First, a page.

Just at a glance, there appears to be pretty clear differences between the two groups. Most obviously, the disconnected patients seem to have many more failed communication attempts (red dots) than successful ones (green dots).

However, Health Leads wanted to know: exactly what are the factors that contribute to a patient disconnecting from Health Leads? How does the difficulty of a patient’s need play into the problem? What other factors might be important to consider?

Against the backdrop of these pressing questions, Health Leads came to our DSSG team to use data to help discover some answers.

The Challenges

When we began tackling the problem, we ran into a slew of challenges. Unlike in the internet world where companies can track every iota of data down to the click, nonprofits serve their clients in person – meaning data must be manually recorded, rather than passively accumulated.

Furthermore, it may be that the factors we end up discovering as influencing patient outcome may be outside of the control of Health Leads. What if we found that the most significant indicators of patients’ success was gender or age? It would be hard to translate a finding like this into operationalizable actions for Advocates.

Our Findings

Over the summer, our team worked through the data to distill insight, discovering findings that Health Leads can use to improve their practice.

For example, we developed a “Patient Complexity Index” that tries to capture the probability that a patient will disconnect from Health Leads. We incorporate information about the type of resources this patient requires and historic performance information about the Health Leads clinic where the patient is served. For instance, needs involving employment or housing are typically much harder to resolve than needs around childcare or transportation. The success rates of each of these resource connections also vary per desk. We found that different Health Leads sites specialize in different types of resource connections.

By combining this information, Health Leads can more accurately quantify the difficulty of each patient so that more experienced Advocates can work with patients with more complex needs. By doing so, Health Leads can better address each patient’s different circumstances, lowering the chance that they’ll disconnect.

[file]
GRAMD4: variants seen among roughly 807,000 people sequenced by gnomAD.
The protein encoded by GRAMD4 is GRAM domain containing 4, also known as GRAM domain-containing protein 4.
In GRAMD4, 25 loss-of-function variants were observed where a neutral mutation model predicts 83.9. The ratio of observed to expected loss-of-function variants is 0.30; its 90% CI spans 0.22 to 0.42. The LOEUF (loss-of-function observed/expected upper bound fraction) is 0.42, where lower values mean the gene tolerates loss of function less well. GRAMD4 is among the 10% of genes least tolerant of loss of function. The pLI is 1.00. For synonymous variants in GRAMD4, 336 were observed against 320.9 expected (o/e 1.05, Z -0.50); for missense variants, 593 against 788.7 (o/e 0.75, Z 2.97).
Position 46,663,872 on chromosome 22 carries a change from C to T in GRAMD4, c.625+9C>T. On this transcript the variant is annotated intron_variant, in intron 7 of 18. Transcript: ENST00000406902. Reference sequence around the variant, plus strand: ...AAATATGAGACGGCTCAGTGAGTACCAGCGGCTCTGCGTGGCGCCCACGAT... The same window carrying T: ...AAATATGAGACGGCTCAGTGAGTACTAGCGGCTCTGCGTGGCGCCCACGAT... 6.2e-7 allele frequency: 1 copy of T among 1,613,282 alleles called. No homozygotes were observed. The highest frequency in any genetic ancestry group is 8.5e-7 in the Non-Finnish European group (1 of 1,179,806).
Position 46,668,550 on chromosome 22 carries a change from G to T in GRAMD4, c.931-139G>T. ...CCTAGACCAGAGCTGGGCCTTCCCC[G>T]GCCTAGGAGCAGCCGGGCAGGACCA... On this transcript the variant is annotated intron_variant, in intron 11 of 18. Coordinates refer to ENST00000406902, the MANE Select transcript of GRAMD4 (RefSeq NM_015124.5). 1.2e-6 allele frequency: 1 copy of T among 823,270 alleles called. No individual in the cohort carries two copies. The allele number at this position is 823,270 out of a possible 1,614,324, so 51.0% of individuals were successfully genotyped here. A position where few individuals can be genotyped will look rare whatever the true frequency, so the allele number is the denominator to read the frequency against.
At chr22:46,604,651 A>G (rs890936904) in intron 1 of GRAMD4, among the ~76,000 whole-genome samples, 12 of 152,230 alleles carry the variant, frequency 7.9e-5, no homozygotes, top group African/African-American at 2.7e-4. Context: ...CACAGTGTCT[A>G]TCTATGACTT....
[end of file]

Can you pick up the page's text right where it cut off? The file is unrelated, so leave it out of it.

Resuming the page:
Patient Needs

A Need Complexity Index can help quantify the difficulty of these patients’ needs

Furthermore, Health Leads currently standardizes the intervals at which patients call patients: a minimum of once every 10 days. The findings from the data confirmed previous Health Leads research that Advocates should try to get in touch with patients frequently in the beginning stages of building a relationship with a patient. When an Advocate successfully contacts a client in the first month, that one successful phone call significantly decreases the likelihood of disconnection:

Call Frequency

Health Leads should call new clients frequently in the first month

Conclusion

We presented our findings and models to Health Leads at the end of this summer, and our results validate Health Leads’ emphasis on regular follow up. We believe that the information we provided reinforces organizational strategies that can increase client engagement: calling clients regularly and leveraging communication tools such as text messaging. By investigating the different factors influencing a patient’s likelihood to disconnect, our team’s findings have pointed to important steps that Health Leads can continue to take to ensure that more people get the resources they need for a healthy life.


I write about data science applied to social causes. If you want to be notified when my next post is published, subscribe by clicking here.



Source: Carl Shan – Weeks 7-12: Summer Wrapup

Week 6: Progress Thus Far


Week 6: Progress Thus Far

12 July 2014 – Chicago

This is the sixth in a series of posts chronicling my reflections on participating in the 2014 Data Science for Social Good Fellowship at the University of Chicago.
You can read my last post here:

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Throughout the DSSG Fellowship, it’s been clear that my team is quite unique — unlike other groups, we were tasked with two separate projects with two different partners: Health Leads and The Chicago Alliance to End Homelessness.